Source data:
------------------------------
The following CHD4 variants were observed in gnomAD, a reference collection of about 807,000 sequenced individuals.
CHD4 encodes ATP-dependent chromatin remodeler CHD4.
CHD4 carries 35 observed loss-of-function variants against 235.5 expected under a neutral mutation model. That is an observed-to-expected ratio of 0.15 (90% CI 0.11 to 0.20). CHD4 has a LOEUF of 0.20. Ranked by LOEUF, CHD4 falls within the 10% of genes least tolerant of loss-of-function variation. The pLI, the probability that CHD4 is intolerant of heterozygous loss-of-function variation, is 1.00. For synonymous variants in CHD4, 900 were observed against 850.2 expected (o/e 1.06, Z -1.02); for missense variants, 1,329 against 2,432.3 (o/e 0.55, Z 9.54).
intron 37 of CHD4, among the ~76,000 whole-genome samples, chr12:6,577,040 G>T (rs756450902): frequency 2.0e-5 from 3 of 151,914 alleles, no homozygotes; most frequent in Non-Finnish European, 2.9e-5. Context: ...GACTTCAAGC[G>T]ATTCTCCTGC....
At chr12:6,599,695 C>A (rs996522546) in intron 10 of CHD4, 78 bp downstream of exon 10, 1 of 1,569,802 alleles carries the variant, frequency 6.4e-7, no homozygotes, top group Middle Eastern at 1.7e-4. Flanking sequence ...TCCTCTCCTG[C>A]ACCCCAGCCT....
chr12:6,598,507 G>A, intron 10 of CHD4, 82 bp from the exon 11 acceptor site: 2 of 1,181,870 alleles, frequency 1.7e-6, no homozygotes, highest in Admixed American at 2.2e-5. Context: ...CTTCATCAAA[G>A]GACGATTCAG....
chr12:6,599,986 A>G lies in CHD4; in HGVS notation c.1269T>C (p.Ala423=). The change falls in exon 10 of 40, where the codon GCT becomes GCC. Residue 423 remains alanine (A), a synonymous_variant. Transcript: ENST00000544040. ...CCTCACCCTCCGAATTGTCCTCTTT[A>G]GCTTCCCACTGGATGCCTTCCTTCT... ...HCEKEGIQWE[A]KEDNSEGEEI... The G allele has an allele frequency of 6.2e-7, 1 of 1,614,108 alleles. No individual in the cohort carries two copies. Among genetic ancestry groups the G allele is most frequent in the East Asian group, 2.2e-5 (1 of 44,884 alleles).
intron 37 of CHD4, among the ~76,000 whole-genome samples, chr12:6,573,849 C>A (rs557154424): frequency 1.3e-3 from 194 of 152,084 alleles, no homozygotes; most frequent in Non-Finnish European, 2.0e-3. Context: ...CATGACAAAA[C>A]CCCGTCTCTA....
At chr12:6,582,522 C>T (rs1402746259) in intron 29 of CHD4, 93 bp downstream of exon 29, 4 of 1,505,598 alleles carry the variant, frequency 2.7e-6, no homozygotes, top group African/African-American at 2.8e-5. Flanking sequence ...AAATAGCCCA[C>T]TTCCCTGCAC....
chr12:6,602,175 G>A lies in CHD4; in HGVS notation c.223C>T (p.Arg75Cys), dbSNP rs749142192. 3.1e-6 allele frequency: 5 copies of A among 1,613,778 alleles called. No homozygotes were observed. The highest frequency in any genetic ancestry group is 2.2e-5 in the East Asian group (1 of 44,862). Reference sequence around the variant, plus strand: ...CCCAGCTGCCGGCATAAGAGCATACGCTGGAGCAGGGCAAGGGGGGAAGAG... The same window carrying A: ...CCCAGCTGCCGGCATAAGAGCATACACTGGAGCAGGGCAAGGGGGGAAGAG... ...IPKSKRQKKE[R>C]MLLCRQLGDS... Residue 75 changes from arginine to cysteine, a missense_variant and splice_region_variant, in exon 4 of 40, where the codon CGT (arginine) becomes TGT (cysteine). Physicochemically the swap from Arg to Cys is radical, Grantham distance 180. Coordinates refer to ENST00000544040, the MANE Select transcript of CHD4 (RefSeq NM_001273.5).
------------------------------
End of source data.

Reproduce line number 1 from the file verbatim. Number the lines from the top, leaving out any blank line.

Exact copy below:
The following CHD4 variants were observed in gnomAD, a reference collection of about 807,000 sequenced individuals.